Abstract: In many industrial sectors, device manufacturers are moving away from expensive special-purpose hardware units and consolidate their systems on commodity hardware. As part of this change, developers are enabled to run their applications on general-purpose operating systems like Linux, which already supports thousands of different devices out of the box and can be used in a wide range of target scenarios. Furthermore, the Linux ecosystem allows them to integrate existing implementations of standard functionality in the form of shared libraries.
However, as the libraries and the Linux kernel are designed as generic building blocks in order to support as many applications as possible, they cannot make assumptions about specific use cases for a single-purpose device. This generality leads to unnecessary overheads in narrowly defined target scenarios, as unneeded components do not only take up space on the target system but have to be maintained over the lifetime of the device as well. While the Linux kernel provides a configuration system to disable unneeded functionality like device drivers, determining the required features from over 16 000 options is an infeasible task. Even worse, most shared libraries cannot be customized even though only around 10 percent of their functions are ever used by applications.
In this thesis, I present my approaches for the automated identification and removal of unnecessary components in all layers of the software stack. As the configuration system is an integral part of the Linux kernel, we embrace its presence and automatically generate custom-fitted configurations for observed target scenarios with the help of an extracted variability model. For the much more diverse realm of shared libraries, with different programming languages, build systems, and a lack of configurability, I demonstrate a different approach. By identifying individual functions as logically distinct units, we construct a symbol-level dependency graph across the applications and all their required libraries. We then remove unneeded code at the binary level and rearrange the remaining parts to take up minimal space in the binary file by formulating their placement as an optimization problem. To lower the number of unnecessary updates to unused components in a deployed system, I lastly present an automated method to determine the impact of software changes on a target scenario and provide guidance for developers on whether they need to update their systems.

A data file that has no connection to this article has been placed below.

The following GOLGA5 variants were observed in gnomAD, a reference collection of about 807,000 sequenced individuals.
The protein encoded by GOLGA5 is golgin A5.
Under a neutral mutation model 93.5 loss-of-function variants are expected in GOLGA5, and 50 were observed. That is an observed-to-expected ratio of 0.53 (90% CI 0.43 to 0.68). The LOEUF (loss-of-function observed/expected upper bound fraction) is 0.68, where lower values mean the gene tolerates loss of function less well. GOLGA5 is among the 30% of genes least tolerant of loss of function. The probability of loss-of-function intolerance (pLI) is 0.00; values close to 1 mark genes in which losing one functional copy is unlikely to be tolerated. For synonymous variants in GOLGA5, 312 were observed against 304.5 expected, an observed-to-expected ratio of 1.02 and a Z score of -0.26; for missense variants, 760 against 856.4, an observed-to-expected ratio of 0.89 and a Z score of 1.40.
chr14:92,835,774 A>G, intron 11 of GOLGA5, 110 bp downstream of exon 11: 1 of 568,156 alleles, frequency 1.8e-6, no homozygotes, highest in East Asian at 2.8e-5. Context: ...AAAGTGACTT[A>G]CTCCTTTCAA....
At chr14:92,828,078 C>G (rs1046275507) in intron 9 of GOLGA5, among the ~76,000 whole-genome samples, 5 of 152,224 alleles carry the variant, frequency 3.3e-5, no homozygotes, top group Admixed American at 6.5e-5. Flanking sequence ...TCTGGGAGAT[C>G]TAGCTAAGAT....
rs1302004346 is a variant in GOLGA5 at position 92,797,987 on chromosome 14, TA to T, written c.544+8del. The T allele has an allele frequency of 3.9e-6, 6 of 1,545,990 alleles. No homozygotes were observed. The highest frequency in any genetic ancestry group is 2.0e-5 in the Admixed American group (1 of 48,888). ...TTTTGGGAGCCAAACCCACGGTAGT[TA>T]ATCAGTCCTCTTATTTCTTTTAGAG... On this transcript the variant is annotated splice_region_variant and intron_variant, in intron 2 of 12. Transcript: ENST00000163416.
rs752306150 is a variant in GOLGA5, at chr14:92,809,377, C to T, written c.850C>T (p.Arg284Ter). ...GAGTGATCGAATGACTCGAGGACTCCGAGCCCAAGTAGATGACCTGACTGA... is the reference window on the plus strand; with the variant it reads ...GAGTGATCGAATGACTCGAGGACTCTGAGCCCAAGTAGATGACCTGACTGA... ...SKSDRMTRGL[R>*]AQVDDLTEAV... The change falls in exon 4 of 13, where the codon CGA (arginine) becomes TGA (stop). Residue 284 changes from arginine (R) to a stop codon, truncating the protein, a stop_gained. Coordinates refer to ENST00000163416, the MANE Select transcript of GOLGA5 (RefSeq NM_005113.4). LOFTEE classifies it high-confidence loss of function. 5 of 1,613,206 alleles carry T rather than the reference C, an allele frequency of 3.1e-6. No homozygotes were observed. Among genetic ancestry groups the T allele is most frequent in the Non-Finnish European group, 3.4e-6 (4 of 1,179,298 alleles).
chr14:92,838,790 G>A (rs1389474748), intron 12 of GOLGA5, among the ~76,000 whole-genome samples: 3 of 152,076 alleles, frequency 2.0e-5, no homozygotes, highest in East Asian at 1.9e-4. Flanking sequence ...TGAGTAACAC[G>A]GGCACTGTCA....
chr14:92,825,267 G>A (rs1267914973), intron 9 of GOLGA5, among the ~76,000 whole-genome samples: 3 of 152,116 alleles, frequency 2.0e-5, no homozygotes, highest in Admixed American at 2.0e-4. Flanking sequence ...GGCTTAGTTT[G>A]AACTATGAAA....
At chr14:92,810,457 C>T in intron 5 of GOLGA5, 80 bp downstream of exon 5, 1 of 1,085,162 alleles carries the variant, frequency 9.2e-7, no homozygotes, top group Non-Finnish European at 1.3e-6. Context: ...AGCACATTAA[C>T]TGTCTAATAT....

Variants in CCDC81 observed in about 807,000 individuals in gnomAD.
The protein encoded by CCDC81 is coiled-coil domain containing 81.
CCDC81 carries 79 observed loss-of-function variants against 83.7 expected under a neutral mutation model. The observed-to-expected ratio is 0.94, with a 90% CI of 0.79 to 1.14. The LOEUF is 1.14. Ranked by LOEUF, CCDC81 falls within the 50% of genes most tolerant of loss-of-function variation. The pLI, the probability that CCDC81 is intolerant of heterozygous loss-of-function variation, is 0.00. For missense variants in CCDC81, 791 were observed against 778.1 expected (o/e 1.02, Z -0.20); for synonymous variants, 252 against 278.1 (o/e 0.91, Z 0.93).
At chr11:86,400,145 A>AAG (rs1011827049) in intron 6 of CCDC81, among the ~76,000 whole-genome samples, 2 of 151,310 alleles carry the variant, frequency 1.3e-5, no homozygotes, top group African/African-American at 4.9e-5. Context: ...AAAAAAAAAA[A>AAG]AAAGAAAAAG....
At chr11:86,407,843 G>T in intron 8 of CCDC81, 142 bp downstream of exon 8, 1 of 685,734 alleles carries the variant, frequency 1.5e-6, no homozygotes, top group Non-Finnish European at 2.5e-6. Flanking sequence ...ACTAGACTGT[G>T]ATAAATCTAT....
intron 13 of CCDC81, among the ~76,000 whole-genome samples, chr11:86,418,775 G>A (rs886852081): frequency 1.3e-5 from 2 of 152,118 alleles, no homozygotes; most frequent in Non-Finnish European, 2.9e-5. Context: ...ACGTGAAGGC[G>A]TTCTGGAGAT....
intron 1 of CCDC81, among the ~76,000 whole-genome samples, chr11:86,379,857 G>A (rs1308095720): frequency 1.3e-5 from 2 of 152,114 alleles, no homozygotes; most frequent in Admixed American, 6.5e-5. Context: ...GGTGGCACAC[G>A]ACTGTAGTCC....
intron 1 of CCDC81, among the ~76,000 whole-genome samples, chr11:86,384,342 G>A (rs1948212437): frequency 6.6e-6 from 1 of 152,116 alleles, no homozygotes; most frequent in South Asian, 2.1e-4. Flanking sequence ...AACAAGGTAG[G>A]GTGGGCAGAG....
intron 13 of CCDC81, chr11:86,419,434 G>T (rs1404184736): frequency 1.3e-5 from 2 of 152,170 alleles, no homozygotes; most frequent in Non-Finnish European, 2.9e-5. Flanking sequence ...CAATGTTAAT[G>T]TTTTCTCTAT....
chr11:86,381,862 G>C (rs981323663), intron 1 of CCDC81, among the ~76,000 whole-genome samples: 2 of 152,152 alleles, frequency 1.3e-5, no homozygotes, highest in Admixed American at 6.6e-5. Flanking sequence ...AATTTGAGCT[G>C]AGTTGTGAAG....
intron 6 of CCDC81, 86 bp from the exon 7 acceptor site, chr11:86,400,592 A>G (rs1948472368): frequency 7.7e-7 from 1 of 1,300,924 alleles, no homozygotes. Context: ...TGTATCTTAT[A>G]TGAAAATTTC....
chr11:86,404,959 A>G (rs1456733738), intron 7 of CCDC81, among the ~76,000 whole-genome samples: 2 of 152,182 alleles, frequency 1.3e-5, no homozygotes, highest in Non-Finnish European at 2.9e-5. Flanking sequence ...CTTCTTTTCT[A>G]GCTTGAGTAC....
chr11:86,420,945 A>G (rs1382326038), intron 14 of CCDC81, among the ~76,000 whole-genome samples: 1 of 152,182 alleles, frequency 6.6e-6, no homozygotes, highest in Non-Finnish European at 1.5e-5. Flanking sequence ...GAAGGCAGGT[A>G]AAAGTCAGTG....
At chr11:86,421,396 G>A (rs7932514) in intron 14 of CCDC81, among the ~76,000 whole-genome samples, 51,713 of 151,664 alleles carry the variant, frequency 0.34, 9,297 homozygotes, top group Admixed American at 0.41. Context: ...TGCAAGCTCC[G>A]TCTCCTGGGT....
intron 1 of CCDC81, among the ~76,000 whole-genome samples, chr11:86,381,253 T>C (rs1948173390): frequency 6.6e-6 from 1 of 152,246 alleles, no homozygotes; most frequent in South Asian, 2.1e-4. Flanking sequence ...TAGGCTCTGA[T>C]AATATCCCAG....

Applying these techniques to different target systems, I demonstrate that we can disable up to 87 percent of configuration options in a DEBIAN Linux kernel, shrink the size of an embedded OPENWRT kernel by 59 percent, and speed up the boot process of the embedded system by 21 percent. As part of the shared library tailoring process, we can remove 13 060 functions from all libraries in OPENWRT and reduce their total size by 31 percent. In the MEMCACHED Docker container, we identify 381 entirely unneeded shared libraries and shrink the container image size by 82 percent. An analysis of the development history of two large library projects over the course of more than two years further shows that between 68 and 82 percent of all changes are not required for an OPENWRT appliance, reducing the number of patch days by up to 69 percent.
Lars Wrenger presents our paper TOSTING: Investigating Total Store Ordering on ARM at the 36th GI/ITG International Conference on Architecture of Computing Systems (ARCS '23) in Athens, Greece. In the paper, we analyse the performance impact of the Intel Total Store Ordering (TSO) memory model in comparison to ARM's weak memory ordering model. For this, we exploit the fact that Apple has implemented TSO on its M1 processors for the Rosetta compatibility layer. TOSTING is related to the ParPerOS project.
For the work, we got a best paper award!. Congrats, Lars!
Abstract: Embedded systems are an omnipresent part of our daily life. They are ubiquitously present in almost every moment to support and secure our activity. At the same time, we expect these systems to be both highly cost-efficient in development and production. Without restrictions, we expect them to work reliably and always respond timely and as expected. This leads to an immense pressure on the development process of new systems, especially with the large number of units and the further increasing occurrence of these systems.